I haven't read those, but they sound interesting. The more I read Sci-Fi the more I see it predicting the future - and the present! I think of Ray Bradbury's Fahrenheit 451 and Montag's wife and what she passes her time at home with, which reads a lot like social media. That's just one thing - but there are so many examples.
 

Quatermass

Sergeant-at-Arms
Dec 7, 2010
6,543
44
2,850
I haven't read those, but they sound interesting. The more I read Sci-Fi the more I see it predicting the future - and the present! I think of Ray Bradbury's Fahrenheit 451 and Montag's wife and what she passes her time at home with, which reads a lot like social media. That's just one thing - but there are so many examples.
Well, Nigel Kneale anticipated reality TV with The Year of the Sex Olympics.

BTW, I'm pretty sure both books I brought up are out of print. My copies of Interference are ex-library, and my copy of Faction Paradox: The Book of the War, I bought secondhand on a whim in Brighton when I was in the UK over a decade ago. However, Lawrence Miles, while something of a controversial figure in Whovian fandom, is a good writer, and he and his contributers for The Book of the War clearly had a satirical bent. Anything to do with the Remote and similar groups has some snarky remark about the modern day.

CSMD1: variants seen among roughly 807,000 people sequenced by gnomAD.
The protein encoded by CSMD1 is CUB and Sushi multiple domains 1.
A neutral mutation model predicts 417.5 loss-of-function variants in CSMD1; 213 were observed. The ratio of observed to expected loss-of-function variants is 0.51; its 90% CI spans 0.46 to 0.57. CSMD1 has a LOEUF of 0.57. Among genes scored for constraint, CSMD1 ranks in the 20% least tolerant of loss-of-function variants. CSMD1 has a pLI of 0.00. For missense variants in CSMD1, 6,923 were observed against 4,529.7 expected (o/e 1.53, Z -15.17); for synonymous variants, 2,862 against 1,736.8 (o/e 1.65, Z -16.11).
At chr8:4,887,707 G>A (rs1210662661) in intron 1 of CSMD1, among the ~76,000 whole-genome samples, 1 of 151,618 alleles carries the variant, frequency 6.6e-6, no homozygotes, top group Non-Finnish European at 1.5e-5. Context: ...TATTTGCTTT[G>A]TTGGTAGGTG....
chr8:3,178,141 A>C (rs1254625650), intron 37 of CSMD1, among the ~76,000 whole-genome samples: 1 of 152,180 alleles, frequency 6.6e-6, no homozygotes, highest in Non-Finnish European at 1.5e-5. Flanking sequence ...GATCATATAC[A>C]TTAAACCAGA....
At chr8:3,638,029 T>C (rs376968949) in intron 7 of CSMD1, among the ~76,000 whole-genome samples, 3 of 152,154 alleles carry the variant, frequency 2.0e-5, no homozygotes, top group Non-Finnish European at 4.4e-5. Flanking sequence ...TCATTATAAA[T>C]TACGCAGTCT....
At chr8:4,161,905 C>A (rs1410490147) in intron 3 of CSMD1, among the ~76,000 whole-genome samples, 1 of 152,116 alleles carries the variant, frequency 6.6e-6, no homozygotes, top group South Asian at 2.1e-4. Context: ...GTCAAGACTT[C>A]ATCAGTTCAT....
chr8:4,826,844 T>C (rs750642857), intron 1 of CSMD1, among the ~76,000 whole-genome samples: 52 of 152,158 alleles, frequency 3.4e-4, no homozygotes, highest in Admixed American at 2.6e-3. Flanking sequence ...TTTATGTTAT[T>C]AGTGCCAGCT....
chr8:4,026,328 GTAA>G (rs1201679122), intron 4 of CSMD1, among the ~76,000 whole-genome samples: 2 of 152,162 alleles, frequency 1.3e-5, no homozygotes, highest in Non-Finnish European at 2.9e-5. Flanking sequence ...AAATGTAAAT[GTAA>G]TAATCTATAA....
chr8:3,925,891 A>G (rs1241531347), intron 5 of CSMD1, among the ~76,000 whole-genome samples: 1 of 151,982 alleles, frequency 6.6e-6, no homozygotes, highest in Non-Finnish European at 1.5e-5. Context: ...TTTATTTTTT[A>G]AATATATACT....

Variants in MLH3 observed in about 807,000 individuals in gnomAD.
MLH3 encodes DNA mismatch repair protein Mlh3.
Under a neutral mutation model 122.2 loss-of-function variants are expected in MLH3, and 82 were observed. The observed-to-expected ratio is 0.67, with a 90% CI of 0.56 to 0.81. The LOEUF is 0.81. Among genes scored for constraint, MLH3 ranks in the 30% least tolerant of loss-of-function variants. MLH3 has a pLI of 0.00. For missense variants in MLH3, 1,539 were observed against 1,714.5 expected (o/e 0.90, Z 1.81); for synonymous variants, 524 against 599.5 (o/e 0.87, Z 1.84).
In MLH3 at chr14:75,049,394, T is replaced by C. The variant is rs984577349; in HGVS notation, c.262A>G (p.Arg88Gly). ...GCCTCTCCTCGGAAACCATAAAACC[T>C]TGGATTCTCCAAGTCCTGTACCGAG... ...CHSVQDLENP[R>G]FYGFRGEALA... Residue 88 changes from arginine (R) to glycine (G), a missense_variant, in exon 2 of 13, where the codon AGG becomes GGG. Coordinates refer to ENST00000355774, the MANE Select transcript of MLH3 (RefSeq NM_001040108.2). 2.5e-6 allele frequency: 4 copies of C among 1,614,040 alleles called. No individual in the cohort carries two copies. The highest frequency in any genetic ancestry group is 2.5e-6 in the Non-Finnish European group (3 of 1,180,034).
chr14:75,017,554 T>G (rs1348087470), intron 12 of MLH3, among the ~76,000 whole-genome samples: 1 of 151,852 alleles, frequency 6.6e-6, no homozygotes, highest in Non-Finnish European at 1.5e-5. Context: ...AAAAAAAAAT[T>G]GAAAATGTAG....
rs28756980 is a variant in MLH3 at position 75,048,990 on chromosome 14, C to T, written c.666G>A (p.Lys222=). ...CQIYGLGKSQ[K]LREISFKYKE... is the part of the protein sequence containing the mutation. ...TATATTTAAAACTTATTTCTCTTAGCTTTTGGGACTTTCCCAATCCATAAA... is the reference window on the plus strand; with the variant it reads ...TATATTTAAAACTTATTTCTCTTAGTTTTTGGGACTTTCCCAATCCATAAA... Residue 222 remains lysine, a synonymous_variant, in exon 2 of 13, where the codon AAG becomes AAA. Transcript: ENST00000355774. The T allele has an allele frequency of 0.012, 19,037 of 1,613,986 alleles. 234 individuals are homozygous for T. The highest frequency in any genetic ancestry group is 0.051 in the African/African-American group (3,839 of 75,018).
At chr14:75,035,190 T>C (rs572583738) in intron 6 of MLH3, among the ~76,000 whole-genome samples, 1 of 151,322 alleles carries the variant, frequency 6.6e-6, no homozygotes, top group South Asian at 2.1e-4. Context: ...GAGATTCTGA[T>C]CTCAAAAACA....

Jul 27, 2008
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I haven't read those, but they sound interesting. The more I read Sci-Fi the more I see it predicting the future - and the present! I think of Ray Bradbury's Fahrenheit 451 and Montag's wife and what she passes her time at home with, which reads a lot like social media. That's just one thing - but there are so many examples.
Tony you might have a look at Snowcrash quite a few have happened or are similar to. ie rafts of people crossing oceans and seas.